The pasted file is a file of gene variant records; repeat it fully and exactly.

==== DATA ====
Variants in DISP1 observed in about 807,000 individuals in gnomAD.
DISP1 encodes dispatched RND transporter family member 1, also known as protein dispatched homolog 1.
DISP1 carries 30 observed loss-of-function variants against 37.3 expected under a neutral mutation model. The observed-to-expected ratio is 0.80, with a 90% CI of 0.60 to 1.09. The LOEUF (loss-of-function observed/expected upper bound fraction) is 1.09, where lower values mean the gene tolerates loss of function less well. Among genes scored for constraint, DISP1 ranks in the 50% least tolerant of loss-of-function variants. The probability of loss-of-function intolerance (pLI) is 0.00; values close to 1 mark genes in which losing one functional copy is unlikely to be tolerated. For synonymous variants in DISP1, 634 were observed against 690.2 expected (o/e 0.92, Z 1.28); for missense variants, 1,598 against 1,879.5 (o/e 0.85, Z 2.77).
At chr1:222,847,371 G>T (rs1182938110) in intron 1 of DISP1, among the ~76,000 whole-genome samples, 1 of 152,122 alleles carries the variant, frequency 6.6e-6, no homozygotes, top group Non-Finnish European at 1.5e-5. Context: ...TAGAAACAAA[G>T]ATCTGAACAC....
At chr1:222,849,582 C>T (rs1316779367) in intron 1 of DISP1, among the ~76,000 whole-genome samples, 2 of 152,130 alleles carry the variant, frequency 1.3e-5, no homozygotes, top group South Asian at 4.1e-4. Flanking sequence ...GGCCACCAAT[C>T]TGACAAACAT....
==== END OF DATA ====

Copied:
Variants in DISP1 observed in about 807,000 individuals in gnomAD.
DISP1 encodes dispatched RND transporter family member 1, also known as protein dispatched homolog 1.
DISP1 carries 30 observed loss-of-function variants against 37.3 expected under a neutral mutation model. The observed-to-expected ratio is 0.80, with a 90% CI of 0.60 to 1.09. The LOEUF (loss-of-function observed/expected upper bound fraction) is 1.09, where lower values mean the gene tolerates loss of function less well. Among genes scored for constraint, DISP1 ranks in the 50% least tolerant of loss-of-function variants. The probability of loss-of-function intolerance (pLI) is 0.00; values close to 1 mark genes in which losing one functional copy is unlikely to be tolerated. For synonymous variants in DISP1, 634 were observed against 690.2 expected (o/e 0.92, Z 1.28); for missense variants, 1,598 against 1,879.5 (o/e 0.85, Z 2.77).
At chr1:222,847,371 G>T (rs1182938110) in intron 1 of DISP1, among the ~76,000 whole-genome samples, 1 of 152,122 alleles carries the variant, frequency 6.6e-6, no homozygotes, top group Non-Finnish European at 1.5e-5. Context: ...TAGAAACAAA[G>T]ATCTGAACAC....
At chr1:222,849,582 C>T (rs1316779367) in intron 1 of DISP1, among the ~76,000 whole-genome samples, 2 of 152,130 alleles carry the variant, frequency 1.3e-5, no homozygotes, top group South Asian at 4.1e-4. Flanking sequence ...GGCCACCAAT[C>T]TGACAAACAT....